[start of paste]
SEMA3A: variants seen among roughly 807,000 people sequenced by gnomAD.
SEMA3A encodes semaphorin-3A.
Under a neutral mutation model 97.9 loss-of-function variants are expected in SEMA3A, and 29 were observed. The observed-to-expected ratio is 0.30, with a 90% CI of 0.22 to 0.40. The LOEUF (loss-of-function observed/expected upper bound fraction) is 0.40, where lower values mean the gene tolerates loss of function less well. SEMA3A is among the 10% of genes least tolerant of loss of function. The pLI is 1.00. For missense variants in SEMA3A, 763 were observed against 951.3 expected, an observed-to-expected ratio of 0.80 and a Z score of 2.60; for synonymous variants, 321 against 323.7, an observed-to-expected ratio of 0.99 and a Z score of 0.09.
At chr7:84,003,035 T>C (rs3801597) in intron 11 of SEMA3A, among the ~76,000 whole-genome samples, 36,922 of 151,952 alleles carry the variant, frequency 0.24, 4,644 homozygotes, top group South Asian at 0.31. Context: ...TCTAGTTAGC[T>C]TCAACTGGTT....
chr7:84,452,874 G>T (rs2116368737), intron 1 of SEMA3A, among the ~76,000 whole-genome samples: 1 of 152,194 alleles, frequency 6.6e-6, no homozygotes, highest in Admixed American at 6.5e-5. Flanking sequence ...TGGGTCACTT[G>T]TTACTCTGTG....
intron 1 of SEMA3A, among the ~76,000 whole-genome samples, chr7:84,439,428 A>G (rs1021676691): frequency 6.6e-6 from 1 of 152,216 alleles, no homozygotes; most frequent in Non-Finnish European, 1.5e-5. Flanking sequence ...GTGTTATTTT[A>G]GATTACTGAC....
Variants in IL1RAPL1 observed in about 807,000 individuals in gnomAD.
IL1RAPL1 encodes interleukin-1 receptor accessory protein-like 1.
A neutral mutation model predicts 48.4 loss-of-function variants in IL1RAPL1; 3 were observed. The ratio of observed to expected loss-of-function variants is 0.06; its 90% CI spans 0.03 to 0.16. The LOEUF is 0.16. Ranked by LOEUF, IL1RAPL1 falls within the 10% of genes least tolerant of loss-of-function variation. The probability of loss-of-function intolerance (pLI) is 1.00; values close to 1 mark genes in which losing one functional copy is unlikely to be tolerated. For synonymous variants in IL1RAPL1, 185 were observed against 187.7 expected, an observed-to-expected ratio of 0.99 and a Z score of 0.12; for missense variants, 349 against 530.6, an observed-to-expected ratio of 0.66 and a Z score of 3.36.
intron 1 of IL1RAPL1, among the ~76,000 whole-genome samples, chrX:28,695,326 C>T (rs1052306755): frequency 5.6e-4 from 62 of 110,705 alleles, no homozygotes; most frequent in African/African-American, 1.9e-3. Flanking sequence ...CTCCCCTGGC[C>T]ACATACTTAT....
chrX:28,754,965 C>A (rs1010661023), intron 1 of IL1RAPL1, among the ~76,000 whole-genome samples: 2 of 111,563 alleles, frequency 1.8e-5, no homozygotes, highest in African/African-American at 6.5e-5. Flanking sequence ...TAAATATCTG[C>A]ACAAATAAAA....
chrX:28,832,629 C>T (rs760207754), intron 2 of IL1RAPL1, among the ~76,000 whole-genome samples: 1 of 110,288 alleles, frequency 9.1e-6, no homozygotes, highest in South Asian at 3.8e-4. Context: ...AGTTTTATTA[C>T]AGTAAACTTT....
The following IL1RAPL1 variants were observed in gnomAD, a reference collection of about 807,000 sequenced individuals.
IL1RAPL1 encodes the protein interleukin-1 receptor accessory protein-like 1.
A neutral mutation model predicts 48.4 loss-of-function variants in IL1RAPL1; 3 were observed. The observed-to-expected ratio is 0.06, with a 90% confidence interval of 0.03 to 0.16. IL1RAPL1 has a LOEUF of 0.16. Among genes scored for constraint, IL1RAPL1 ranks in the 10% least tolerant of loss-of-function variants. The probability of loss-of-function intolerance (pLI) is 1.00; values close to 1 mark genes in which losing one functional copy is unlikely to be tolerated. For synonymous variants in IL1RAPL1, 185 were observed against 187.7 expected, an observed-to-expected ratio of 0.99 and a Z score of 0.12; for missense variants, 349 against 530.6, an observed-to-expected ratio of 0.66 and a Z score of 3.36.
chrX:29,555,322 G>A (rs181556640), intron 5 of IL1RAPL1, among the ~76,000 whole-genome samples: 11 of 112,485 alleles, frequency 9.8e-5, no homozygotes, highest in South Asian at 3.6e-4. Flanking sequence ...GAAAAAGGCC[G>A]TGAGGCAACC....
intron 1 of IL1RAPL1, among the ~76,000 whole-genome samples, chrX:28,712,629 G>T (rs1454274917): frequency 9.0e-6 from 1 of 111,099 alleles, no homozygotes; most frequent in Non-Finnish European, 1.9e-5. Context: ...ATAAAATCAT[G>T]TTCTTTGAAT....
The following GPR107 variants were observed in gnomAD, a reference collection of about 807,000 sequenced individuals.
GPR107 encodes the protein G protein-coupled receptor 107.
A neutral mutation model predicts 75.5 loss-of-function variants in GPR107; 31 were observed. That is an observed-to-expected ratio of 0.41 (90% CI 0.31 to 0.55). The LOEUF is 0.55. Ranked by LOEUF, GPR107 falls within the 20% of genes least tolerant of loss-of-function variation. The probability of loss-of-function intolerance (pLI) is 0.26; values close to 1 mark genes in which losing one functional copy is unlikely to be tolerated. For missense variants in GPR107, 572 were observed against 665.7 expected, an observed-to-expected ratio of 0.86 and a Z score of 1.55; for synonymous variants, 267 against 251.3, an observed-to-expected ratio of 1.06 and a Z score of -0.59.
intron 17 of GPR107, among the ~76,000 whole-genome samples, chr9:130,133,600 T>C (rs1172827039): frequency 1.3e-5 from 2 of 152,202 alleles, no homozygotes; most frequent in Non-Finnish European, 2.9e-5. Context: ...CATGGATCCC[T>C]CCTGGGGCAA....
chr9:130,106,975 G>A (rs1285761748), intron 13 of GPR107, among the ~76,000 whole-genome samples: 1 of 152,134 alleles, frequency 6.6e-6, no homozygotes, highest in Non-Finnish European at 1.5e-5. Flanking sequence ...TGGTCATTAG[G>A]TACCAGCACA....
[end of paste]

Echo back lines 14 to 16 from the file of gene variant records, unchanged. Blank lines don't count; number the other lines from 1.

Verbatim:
IL1RAPL1 encodes the protein interleukin-1 receptor accessory protein-like 1.
A neutral mutation model predicts 48.4 loss-of-function variants in IL1RAPL1; 3 were observed. The observed-to-expected ratio is 0.06, with a 90% confidence interval of 0.03 to 0.16. IL1RAPL1 has a LOEUF of 0.16. Among genes scored for constraint, IL1RAPL1 ranks in the 10% least tolerant of loss-of-function variants. The probability of loss-of-function intolerance (pLI) is 1.00; values close to 1 mark genes in which losing one functional copy is unlikely to be tolerated. For synonymous variants in IL1RAPL1, 185 were observed against 187.7 expected, an observed-to-expected ratio of 0.99 and a Z score of 0.12; for missense variants, 349 against 530.6, an observed-to-expected ratio of 0.66 and a Z score of 3.36.
chrX:29,555,322 G>A (rs181556640), intron 5 of IL1RAPL1, among the ~76,000 whole-genome samples: 11 of 112,485 alleles, frequency 9.8e-5, no homozygotes, highest in South Asian at 3.6e-4. Flanking sequence ...GAAAAAGGCC[G>A]TGAGGCAACC....